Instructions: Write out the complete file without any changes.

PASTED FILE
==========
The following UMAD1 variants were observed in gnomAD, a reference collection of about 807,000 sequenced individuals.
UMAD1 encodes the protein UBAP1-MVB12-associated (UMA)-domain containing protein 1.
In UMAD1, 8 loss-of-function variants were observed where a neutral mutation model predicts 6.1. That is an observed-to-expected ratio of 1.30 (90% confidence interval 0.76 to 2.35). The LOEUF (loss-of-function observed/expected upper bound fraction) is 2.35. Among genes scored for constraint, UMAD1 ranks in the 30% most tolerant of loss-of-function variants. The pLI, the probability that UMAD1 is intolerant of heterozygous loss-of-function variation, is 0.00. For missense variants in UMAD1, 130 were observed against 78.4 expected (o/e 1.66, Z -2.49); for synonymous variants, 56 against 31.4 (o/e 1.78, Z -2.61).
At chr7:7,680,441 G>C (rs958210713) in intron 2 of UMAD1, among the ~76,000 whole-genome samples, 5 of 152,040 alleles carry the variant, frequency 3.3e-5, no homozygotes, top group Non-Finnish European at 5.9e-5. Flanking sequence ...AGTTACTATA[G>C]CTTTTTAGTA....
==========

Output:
The following UMAD1 variants were observed in gnomAD, a reference collection of about 807,000 sequenced individuals.
UMAD1 encodes the protein UBAP1-MVB12-associated (UMA)-domain containing protein 1.
In UMAD1, 8 loss-of-function variants were observed where a neutral mutation model predicts 6.1. That is an observed-to-expected ratio of 1.30 (90% confidence interval 0.76 to 2.35). The LOEUF (loss-of-function observed/expected upper bound fraction) is 2.35. Among genes scored for constraint, UMAD1 ranks in the 30% most tolerant of loss-of-function variants. The pLI, the probability that UMAD1 is intolerant of heterozygous loss-of-function variation, is 0.00. For missense variants in UMAD1, 130 were observed against 78.4 expected (o/e 1.66, Z -2.49); for synonymous variants, 56 against 31.4 (o/e 1.78, Z -2.61).
At chr7:7,680,441 G>C (rs958210713) in intron 2 of UMAD1, among the ~76,000 whole-genome samples, 5 of 152,040 alleles carry the variant, frequency 3.3e-5, no homozygotes, top group Non-Finnish European at 5.9e-5. Flanking sequence ...AGTTACTATA[G>C]CTTTTTAGTA....